While I’m thinking about teaching and texting and distraction, here is a statement about decorum that I used (with variations) on syllabi over many years:
I see this statement not as harsh or threatening but as plainly serious. Students, with very few exceptions, saw it that way too. Texting, as you can guess, was a rare occurrence in my classes.
Webster’s Second does a bang-job on decorum. Sense 2:
A standard or code of what is fitting, proper, or established by good usage, in the relation of parts to a whole, or means to an end, or esp. of conduct to principles or circumstances; hence, propriety; the proprieties; “good form”; convention; also, a requirement of propriety; as, a breach of decorum . “So far from the common decorum of a gentleman, as to send a letter so impudently cruel.” J. Austen .The times, they change: at one point, my decorum statement mentioned knitting. Circa 1990-something, knitting in class was a thing.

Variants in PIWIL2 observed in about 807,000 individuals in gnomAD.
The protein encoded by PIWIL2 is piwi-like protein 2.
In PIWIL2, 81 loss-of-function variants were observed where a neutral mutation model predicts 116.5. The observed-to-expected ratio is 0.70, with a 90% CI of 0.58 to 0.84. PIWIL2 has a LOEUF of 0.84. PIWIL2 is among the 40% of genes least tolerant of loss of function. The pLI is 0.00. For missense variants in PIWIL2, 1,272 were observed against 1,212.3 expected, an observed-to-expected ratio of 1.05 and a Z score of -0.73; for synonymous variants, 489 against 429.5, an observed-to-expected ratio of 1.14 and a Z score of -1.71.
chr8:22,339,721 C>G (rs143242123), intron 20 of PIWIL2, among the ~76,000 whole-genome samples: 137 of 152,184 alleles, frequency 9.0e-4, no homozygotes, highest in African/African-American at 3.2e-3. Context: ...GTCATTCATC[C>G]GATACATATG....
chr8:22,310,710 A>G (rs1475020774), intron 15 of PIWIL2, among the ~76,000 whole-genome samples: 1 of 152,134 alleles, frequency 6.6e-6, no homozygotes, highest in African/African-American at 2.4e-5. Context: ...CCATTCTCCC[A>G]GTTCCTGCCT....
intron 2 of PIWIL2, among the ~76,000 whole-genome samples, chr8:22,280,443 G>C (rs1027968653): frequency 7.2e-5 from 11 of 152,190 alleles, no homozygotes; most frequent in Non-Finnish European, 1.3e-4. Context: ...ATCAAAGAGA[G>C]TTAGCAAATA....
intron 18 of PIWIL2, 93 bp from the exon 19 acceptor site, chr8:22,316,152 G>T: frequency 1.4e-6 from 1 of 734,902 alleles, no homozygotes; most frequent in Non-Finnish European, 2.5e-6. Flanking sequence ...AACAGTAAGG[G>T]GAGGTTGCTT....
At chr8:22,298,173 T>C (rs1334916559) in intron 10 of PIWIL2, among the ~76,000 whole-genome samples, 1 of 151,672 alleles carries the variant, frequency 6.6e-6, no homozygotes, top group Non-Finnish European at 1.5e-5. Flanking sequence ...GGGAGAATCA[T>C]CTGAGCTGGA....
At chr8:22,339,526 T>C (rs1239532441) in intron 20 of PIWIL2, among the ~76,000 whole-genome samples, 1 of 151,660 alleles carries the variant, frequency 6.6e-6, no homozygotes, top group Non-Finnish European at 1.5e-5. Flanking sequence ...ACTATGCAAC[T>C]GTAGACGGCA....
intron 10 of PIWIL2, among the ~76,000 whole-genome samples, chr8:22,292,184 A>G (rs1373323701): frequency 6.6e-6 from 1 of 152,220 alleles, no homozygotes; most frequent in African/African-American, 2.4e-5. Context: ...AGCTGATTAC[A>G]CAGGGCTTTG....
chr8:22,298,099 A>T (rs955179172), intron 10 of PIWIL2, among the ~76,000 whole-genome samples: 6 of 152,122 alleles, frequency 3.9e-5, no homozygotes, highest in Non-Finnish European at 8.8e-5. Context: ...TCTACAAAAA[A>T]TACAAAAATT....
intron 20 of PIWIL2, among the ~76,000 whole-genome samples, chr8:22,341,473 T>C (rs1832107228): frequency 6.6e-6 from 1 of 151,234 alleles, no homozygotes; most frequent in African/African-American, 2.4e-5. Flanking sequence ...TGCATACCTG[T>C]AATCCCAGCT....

[The decorum statement is in my favorite font for syllabi, Jos Buivenga’s Fontin Sans. After reading Edward Tufte, I began making syllabi with three columns running down the page; thus, the little block of text above. I made sure that a syllabus ran no longer than one double-sided page: compact and highly readable. If it doesn’t go without saying: exceptions to the no-phone rule were always possible, as when a student was waiting for a call about an urgent family matter.]